AHEC - North Carolina Area Health Education Centers Program

About NC AHEC » Health Professions

About NC AHEC

Health Professions

Pharmacy

The NC AHEC Program plays a very active role in the pharmacy profession. It provides educational opportunities for students and professionals, and the AHEC faculty and staff constantly work to meet the Program goal of improving recruitment, retention, and distribution of pharmacy professionals.

NC AHEC pharmacy programs include support for community-based instruction of pharmacy students, pharmacy practitioners, pharmacy technicians, and other health care professionals. Pharmacy student experiential education is achieved through clinical rotations at ambulatory and institutional sites in the NC AHEC regions, where the students learn first-hand about the practice of pharmacy in community settings.

Each of the nine AHECs has one to four pharmacists who hold faculty appointments at UNC-CH or Campbell University Schools of Pharmacy. Overall, the program boasts 22 AHEC pharmacy faculty and over 500 volunteer preceptors who teach pharmacy students from the UNC-CH and Campbell University.

AHEC Pharmacy Programs:

Continuing Pharmacy Education

Continuing pharmacy education is required by legislation as a condition for re-licensure. Increased involvement by practicing pharmacists has had an impact on the demand for accessible, high-quality continuing education. The AHECs have been and will continue to be responsive to the educational needs of practicing pharmacists in their regions. In collaboration with the UNC-CH School of Pharmacy, the AHECs have doubled their CE offerings over the last 10 years. AHEC pharmacy programs will continue to offer a comprehensive selection of educational programs and information services, including curricular offerings, certificate programs, and short-term experiential programs (e.g., mini-residencies).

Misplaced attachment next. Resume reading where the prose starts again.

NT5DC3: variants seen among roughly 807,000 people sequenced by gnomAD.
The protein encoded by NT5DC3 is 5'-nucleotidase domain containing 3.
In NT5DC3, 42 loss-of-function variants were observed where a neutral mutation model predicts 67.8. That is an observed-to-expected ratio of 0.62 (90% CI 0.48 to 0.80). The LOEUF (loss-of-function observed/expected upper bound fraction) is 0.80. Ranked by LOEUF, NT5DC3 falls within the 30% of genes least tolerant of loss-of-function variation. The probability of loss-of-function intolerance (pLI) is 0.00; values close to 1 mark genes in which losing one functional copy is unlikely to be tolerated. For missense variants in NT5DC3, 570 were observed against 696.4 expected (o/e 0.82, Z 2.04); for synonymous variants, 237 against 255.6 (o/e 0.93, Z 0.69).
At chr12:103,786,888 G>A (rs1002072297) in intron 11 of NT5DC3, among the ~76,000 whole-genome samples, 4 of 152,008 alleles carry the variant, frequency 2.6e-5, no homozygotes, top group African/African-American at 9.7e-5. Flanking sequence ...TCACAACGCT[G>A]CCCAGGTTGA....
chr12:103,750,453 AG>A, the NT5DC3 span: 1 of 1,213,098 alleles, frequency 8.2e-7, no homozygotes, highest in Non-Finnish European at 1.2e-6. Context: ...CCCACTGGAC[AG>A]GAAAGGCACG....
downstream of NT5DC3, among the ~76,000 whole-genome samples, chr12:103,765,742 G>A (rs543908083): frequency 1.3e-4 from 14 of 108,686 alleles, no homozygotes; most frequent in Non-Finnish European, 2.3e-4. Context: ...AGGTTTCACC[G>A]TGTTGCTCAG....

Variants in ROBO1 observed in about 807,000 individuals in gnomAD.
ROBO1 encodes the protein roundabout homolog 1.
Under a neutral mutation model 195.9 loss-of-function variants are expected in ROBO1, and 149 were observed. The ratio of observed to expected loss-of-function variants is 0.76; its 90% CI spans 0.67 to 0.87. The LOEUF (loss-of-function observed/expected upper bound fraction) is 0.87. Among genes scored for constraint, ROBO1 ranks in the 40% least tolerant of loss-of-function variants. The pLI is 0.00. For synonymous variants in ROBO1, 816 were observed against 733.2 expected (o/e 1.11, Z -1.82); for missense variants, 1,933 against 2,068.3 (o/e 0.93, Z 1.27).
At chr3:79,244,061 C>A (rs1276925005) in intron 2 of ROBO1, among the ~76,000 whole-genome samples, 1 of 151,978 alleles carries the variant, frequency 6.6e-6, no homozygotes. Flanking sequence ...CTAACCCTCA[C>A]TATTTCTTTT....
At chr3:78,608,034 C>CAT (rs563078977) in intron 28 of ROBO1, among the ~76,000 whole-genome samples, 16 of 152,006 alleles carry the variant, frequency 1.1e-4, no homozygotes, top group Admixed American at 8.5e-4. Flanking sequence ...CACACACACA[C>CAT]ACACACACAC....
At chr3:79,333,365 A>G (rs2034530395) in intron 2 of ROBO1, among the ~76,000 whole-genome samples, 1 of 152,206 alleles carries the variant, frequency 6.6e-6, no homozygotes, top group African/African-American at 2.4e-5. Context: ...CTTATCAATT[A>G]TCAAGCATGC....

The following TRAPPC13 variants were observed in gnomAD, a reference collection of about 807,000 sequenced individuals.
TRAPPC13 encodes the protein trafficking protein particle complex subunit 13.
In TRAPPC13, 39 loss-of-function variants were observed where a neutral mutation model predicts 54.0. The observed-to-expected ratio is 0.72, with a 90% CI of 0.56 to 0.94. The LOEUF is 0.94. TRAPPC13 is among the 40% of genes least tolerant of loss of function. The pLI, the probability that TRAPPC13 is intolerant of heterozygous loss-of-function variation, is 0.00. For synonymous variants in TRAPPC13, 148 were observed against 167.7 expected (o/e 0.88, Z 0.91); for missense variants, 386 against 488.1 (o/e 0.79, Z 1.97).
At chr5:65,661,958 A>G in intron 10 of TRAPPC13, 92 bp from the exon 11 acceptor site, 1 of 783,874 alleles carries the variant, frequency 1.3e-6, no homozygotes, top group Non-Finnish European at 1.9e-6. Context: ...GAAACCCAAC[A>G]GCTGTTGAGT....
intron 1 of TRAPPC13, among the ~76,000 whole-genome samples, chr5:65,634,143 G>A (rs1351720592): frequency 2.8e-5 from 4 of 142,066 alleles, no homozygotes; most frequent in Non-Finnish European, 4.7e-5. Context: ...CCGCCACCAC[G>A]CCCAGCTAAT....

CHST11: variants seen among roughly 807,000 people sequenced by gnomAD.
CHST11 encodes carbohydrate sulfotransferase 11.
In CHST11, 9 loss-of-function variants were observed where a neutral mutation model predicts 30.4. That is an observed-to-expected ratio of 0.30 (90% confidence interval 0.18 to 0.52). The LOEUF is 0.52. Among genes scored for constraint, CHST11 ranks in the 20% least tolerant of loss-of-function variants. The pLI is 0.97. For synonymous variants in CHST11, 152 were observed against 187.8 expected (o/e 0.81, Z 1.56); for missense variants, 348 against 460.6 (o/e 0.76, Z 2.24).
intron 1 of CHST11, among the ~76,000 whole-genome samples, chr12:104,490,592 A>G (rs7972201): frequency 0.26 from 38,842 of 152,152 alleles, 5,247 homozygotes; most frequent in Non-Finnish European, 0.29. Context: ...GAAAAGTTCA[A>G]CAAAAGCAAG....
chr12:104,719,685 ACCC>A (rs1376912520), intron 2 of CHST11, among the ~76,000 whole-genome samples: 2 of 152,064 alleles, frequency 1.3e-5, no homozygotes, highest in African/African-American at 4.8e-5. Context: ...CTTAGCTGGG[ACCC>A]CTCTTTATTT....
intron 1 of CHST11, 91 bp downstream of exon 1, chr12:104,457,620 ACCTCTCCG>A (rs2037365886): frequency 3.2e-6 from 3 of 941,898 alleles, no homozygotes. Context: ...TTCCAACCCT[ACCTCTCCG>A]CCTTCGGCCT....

AHEC Pharmacy Continuing Education: 2012-2013
Programs
93
Attendees
3,493

Pharmacy Education Considerations

The first Doctor of Pharmacy class started in the Fall, 1996, eliminating the Bachelor of Science degree in pharmacy. A portion of each of the baccalaureate classes graduating in 1996, 1997, and 1998 were permitted to enroll in and complete the PharmD Program as a transition to this change.

The transition to the Doctor of Pharmacy degree, with its concomitant doubling the number of clerkships, could not have been accomplished without AHEC student training resources. It also demanded rapid, electronic access to drug therapy information for all clerkship preceptors and their students. Because most preceptors have microcomputers with communications hardware and software, it is possible to link these faculty to an extensive offering of pharmacy information resources through the AHEC Digital Library.

AHEC Pharmacy Education Partners: